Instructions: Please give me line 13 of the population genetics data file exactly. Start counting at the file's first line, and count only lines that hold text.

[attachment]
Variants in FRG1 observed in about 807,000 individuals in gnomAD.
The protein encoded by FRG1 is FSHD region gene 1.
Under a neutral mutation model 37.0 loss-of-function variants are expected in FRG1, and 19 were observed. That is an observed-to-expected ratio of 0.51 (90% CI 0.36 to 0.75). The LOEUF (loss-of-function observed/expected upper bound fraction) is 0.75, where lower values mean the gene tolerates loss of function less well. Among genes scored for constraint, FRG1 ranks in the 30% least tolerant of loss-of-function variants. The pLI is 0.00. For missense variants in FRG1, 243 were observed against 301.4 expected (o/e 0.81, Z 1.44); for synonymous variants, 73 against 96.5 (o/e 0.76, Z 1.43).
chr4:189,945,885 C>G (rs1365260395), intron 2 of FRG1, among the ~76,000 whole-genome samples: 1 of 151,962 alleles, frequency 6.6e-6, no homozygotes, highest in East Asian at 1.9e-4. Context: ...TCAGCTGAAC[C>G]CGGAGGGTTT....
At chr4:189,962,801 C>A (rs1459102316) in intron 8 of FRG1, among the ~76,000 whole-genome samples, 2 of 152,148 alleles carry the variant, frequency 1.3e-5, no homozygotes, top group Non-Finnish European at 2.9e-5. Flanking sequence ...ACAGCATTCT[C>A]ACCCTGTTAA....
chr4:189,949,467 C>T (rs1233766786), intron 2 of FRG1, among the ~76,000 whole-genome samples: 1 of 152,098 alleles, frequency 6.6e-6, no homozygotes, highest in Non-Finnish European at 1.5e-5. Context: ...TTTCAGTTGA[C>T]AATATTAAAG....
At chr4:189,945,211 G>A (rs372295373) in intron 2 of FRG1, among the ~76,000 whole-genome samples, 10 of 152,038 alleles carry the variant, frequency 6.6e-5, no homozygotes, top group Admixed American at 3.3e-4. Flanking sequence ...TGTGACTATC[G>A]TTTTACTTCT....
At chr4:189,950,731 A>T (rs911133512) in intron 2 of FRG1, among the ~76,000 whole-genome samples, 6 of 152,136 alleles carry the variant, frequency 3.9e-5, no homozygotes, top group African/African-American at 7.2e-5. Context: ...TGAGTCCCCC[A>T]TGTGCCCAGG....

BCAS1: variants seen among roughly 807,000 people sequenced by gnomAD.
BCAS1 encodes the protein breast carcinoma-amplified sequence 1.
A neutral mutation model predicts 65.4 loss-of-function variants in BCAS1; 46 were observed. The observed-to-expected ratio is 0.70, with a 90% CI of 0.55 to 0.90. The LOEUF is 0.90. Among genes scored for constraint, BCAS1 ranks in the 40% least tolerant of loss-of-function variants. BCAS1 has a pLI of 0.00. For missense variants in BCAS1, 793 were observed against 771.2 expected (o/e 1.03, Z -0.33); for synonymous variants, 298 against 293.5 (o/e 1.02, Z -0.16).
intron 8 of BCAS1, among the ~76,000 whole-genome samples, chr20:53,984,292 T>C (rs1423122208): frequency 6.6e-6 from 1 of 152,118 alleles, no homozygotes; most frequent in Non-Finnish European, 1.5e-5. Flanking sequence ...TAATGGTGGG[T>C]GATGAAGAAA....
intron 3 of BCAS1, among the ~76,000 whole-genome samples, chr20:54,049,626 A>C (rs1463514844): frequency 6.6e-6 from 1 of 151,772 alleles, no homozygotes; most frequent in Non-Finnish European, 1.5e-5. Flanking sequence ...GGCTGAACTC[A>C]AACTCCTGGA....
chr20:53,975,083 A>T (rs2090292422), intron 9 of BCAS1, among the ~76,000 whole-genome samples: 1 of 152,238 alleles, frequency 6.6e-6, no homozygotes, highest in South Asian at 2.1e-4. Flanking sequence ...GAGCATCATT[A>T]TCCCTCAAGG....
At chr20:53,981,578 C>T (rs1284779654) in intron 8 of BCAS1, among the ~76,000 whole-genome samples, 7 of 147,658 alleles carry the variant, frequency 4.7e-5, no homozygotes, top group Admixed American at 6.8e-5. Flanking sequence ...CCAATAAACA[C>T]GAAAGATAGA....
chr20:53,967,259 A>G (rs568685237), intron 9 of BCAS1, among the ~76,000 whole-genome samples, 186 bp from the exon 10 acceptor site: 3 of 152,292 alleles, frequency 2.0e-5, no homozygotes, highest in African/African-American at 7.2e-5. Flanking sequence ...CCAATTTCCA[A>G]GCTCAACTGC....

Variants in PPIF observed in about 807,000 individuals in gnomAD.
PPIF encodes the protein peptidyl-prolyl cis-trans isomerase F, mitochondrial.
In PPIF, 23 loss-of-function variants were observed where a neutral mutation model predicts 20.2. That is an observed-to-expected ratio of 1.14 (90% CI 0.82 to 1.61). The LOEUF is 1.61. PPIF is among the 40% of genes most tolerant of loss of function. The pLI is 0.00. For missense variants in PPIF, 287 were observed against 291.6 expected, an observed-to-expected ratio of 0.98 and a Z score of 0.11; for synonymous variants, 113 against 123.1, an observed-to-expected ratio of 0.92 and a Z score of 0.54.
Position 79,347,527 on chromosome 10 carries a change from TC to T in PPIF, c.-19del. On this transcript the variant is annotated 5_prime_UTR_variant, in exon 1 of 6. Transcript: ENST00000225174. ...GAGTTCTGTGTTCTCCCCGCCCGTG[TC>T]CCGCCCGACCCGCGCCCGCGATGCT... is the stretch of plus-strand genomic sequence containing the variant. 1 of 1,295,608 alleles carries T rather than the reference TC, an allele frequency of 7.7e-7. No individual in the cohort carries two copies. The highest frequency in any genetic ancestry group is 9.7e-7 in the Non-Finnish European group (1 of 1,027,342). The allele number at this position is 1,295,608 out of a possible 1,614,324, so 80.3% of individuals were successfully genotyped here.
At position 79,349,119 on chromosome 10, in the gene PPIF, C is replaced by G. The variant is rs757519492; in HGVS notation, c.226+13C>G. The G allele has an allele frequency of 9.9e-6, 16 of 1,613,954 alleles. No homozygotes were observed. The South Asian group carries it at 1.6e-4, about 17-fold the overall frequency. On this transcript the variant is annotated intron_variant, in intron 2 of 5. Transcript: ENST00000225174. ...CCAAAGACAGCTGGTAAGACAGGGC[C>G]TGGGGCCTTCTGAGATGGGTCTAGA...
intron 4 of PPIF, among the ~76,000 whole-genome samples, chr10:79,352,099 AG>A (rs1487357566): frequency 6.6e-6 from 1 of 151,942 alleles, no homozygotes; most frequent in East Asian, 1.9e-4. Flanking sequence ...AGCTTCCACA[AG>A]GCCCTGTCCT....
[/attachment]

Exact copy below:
intron 3 of BCAS1, among the ~76,000 whole-genome samples, chr20:54,049,626 A>C (rs1463514844): frequency 6.6e-6 from 1 of 151,772 alleles, no homozygotes; most frequent in Non-Finnish European, 1.5e-5. Flanking sequence ...GGCTGAACTC[A>C]AACTCCTGGA....